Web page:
Stephen C. MARTIN, Appellant, v. The STATE of Texas, Appellee.
Stephen C. Martin was convicted by a jury of possession of methamphetamine in an amount of more than four but less than 200 grams. The jury assessed Martin's punishment at ten years' imprisonment and a $5,000.00 fine, but recommended he be placed on community supervision. The trial court sentenced Martin accordingly.
On appeal Martin contends the trial court erred in overruling his motion to suppress and in failing to give a jury instruction on criminal trespass. We overrule these contentions and affirm the trial court's judgment.
We review the trial court's ruling on a motion to suppress by an abuse of discretion standard. Oles v. State, 993 S.W.2d 103, 106 (Tex.Crim.App.1999). In a suppression hearing, the trial court is the sole trier of fact and judge of the credibility of the witnesses and the weight to be given their testimonies. We view the evidence in the light most favorable to the trial court's ruling, State v. Ballard, 987 S.W.2d 889, 891 (Tex.Crim.App.1999), and afford almost total deference to the trial court's determination of historical facts that the record supports, especially when the fact findings are based on an evaluation of the witnesses' credibility and demeanor. State v. Ross, 32 S.W.3d 853, 856 (Tex.Crim.App.2000); Guzman v. State, 955 S.W.2d 85, 89 (Tex.Crim.App.1997). We review de novo the court's application of the law of search and seizure to those facts. State v. Ross, 32 S.W.3d at 856. As no findings of fact or conclusions of law were filed, we will assume that the trial court made implicit findings of fact that support its ruling. If the trial court's decision is correct on any theory of law applicable to the case, we will sustain the decision. State v. Ross, 32 S.W.3d at 855-56.
At the direction of Mount Pleasant police officer Kent Basinger, a confidential informant named Dee Ann Marshall went into Martin's residence and videotaped the premises. Based on the videotape and on other probable cause information provided by the informant, the police officer prepared a supporting affidavit, and then obtained and executed a search warrant for Martin's home. Martin was present in the home when Basinger conducted the search, and Basinger testified that Martin consented to the search. During the search, the officer found and seized methamphetamine.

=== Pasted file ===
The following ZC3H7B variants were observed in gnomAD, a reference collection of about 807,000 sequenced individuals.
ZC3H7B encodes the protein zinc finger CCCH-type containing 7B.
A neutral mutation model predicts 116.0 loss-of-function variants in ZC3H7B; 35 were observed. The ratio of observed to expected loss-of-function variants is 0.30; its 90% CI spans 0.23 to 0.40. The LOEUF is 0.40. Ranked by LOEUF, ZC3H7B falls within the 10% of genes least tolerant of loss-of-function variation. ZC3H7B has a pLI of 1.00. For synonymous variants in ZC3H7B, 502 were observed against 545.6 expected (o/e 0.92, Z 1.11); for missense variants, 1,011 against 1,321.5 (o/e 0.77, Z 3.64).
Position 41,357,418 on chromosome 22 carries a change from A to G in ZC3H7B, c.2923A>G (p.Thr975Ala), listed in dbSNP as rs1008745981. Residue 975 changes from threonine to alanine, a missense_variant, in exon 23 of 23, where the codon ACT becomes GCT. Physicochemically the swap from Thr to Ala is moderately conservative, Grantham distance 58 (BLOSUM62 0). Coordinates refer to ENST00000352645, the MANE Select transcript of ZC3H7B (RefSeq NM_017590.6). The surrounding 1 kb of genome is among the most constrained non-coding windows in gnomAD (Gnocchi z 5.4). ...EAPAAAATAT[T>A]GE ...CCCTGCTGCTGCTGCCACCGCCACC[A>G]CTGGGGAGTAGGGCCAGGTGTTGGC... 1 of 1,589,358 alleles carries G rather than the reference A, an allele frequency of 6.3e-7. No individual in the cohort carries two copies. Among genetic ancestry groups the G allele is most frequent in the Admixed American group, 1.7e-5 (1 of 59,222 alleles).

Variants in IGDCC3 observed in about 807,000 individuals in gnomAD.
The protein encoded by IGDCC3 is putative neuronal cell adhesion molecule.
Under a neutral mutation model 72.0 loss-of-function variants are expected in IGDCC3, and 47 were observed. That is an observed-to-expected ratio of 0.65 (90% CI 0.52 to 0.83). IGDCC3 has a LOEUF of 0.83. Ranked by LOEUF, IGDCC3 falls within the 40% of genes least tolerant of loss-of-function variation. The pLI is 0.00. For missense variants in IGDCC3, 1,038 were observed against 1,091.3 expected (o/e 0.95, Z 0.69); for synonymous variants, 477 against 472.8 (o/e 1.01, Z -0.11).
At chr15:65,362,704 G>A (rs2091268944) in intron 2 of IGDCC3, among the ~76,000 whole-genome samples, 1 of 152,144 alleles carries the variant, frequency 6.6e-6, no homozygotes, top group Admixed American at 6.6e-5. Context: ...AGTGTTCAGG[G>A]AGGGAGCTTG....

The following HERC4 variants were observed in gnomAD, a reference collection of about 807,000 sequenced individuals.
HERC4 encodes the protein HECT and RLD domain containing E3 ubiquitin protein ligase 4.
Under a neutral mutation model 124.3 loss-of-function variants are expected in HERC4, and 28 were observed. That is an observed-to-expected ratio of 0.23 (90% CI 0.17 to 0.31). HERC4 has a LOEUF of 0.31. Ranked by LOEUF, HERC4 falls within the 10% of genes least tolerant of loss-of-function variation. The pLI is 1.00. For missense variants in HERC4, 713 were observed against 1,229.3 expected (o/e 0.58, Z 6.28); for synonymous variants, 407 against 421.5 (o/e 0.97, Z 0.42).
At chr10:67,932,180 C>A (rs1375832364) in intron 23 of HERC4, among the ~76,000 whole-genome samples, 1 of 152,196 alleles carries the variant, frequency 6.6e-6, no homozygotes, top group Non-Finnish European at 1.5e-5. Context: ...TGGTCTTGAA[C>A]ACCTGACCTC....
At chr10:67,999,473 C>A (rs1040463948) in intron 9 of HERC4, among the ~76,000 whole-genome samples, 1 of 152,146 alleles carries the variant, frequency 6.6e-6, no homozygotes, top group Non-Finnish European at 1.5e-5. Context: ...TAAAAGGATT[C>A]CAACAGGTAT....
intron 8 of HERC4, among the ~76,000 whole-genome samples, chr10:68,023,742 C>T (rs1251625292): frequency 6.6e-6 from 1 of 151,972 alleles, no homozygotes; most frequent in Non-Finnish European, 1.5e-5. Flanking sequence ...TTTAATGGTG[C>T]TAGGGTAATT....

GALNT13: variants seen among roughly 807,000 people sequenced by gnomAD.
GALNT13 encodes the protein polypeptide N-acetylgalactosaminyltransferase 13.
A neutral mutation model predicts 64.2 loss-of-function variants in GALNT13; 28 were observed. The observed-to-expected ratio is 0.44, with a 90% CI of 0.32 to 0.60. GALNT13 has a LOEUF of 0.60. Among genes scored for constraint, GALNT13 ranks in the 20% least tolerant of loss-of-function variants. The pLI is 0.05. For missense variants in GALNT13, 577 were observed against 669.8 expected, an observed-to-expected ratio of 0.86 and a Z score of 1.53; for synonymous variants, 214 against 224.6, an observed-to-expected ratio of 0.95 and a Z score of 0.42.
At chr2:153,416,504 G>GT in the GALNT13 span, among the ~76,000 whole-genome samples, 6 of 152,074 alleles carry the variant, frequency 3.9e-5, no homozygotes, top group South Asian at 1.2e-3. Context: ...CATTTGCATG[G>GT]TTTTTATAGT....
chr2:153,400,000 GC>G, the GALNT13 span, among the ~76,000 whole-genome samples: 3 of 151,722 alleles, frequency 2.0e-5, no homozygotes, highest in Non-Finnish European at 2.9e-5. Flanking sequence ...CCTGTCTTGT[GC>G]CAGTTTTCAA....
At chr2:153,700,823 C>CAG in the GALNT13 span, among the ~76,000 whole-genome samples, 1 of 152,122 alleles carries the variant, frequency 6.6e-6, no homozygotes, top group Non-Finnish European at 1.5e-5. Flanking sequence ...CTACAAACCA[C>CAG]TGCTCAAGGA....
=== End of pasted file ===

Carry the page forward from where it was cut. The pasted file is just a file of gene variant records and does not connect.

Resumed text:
Martin contends that Marshall's entrance into his house to videotape it constituted a criminal trespass by a person acting as an agent of law enforcement and that the evidence obtained from the search was therefore inadmissible under Tex.Code Crim. Proc. Ann. art. 38.23(a) (Vernon Supp.2002). He also contends that the search warrant obtained by officers to search his home was not supported by probable cause because it was based on information illegally obtained.
These contentions depend on Martin's conclusion that Marshall's entry into the home for video recording was a criminal act. A search warrant may not be lawfully procured by the use of illegally obtained information. Brown v. State, 605 S.W.2d 572, 577 (Tex.Crim.App.1980) (citing Davidson v. State, 240 So.2d 463 (Miss.1970)). However, the inclusion of tainted allegations in an affidavit will not automatically render invalid a search warrant based on the affidavit. Castillo v. State, 818 S.W.2d 803, 805 (Tex.Crim.App.1991). The relevant inquiry is whether, putting aside all tainted allegations, the independently and lawfully acquired information stated in the affidavit clearly established probable cause. Id. If the tainted information was clearly unnecessary to establish probable cause for the search warrant, the defendant could not have been harmed by the inclusion of the tainted information in the affidavit.
The affidavit states that Marshall told Basinger that she was present at Martin's house within the seventy-two hours before the execution of the affidavit and that she personally saw the illegal drugs.1 If her presence there was a criminal act that triggers the exclusionary rule of Tex.Code Crim. Proc. Ann. art. 38.23 (Vernon Supp.2002), the affidavit cannot depend for support on the alleged fact that she was there and saw the drugs. See, e.g., Brown v. State, 605 S.W.2d 572, 577 (Tex.Crim.App.1980). It would need some other sufficient basis. However, this alleged fact is the only statement in the affidavit directly implicating Martin in the crime of drug possession. Without this alleged fact, there remain in the affidavit only statements purporting to establish the credibility of the informant. Thus, the affidavit would have no factual support for the claim that drugs were at Martin's home, and the search warrant consequently would not be based on adequate probable cause.